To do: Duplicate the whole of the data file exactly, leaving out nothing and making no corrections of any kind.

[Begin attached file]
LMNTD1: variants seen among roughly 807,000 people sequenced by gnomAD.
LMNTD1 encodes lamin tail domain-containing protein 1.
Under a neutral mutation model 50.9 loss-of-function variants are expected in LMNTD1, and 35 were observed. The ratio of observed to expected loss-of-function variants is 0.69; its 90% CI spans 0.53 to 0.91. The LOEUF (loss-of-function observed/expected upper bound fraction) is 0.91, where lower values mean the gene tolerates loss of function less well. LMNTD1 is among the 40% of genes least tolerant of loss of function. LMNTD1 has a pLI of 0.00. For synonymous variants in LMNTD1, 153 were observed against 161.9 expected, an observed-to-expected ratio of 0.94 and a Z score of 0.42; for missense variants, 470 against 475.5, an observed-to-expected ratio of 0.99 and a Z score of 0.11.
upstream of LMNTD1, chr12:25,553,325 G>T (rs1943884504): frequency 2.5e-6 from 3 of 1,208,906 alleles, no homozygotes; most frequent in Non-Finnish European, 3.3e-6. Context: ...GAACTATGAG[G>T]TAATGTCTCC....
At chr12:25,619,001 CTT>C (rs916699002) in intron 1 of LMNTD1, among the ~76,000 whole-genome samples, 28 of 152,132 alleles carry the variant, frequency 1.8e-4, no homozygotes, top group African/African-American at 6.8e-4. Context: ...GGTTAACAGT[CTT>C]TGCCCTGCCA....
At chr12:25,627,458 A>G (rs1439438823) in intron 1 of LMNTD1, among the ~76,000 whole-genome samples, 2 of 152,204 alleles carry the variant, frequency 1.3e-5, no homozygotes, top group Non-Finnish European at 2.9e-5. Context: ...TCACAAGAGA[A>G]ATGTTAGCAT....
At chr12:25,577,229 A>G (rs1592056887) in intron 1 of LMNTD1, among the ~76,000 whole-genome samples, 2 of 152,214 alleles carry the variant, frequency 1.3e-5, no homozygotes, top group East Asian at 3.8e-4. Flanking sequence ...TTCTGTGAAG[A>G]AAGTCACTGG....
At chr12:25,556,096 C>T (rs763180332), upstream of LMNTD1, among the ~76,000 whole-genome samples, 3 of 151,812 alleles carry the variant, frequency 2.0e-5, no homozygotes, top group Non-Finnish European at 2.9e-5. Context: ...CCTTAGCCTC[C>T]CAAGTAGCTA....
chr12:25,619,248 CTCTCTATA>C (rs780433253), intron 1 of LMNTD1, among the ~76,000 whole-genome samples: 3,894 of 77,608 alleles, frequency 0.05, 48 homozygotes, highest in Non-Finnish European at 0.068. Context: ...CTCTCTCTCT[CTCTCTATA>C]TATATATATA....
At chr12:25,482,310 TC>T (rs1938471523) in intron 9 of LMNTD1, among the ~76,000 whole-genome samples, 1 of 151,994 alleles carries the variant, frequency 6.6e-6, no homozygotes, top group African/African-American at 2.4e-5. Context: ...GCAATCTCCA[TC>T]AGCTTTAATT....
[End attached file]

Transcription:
LMNTD1: variants seen among roughly 807,000 people sequenced by gnomAD.
LMNTD1 encodes lamin tail domain-containing protein 1.
Under a neutral mutation model 50.9 loss-of-function variants are expected in LMNTD1, and 35 were observed. The ratio of observed to expected loss-of-function variants is 0.69; its 90% CI spans 0.53 to 0.91. The LOEUF (loss-of-function observed/expected upper bound fraction) is 0.91, where lower values mean the gene tolerates loss of function less well. LMNTD1 is among the 40% of genes least tolerant of loss of function. LMNTD1 has a pLI of 0.00. For synonymous variants in LMNTD1, 153 were observed against 161.9 expected, an observed-to-expected ratio of 0.94 and a Z score of 0.42; for missense variants, 470 against 475.5, an observed-to-expected ratio of 0.99 and a Z score of 0.11.
upstream of LMNTD1, chr12:25,553,325 G>T (rs1943884504): frequency 2.5e-6 from 3 of 1,208,906 alleles, no homozygotes; most frequent in Non-Finnish European, 3.3e-6. Context: ...GAACTATGAG[G>T]TAATGTCTCC....
At chr12:25,619,001 CTT>C (rs916699002) in intron 1 of LMNTD1, among the ~76,000 whole-genome samples, 28 of 152,132 alleles carry the variant, frequency 1.8e-4, no homozygotes, top group African/African-American at 6.8e-4. Context: ...GGTTAACAGT[CTT>C]TGCCCTGCCA....
At chr12:25,627,458 A>G (rs1439438823) in intron 1 of LMNTD1, among the ~76,000 whole-genome samples, 2 of 152,204 alleles carry the variant, frequency 1.3e-5, no homozygotes, top group Non-Finnish European at 2.9e-5. Context: ...TCACAAGAGA[A>G]ATGTTAGCAT....
At chr12:25,577,229 A>G (rs1592056887) in intron 1 of LMNTD1, among the ~76,000 whole-genome samples, 2 of 152,214 alleles carry the variant, frequency 1.3e-5, no homozygotes, top group East Asian at 3.8e-4. Flanking sequence ...TTCTGTGAAG[A>G]AAGTCACTGG....
At chr12:25,556,096 C>T (rs763180332), upstream of LMNTD1, among the ~76,000 whole-genome samples, 3 of 151,812 alleles carry the variant, frequency 2.0e-5, no homozygotes, top group Non-Finnish European at 2.9e-5. Context: ...CCTTAGCCTC[C>T]CAAGTAGCTA....
chr12:25,619,248 CTCTCTATA>C (rs780433253), intron 1 of LMNTD1, among the ~76,000 whole-genome samples: 3,894 of 77,608 alleles, frequency 0.05, 48 homozygotes, highest in Non-Finnish European at 0.068. Context: ...CTCTCTCTCT[CTCTCTATA>C]TATATATATA....
At chr12:25,482,310 TC>T (rs1938471523) in intron 9 of LMNTD1, among the ~76,000 whole-genome samples, 1 of 151,994 alleles carries the variant, frequency 6.6e-6, no homozygotes, top group African/African-American at 2.4e-5. Context: ...GCAATCTCCA[TC>T]AGCTTTAATT....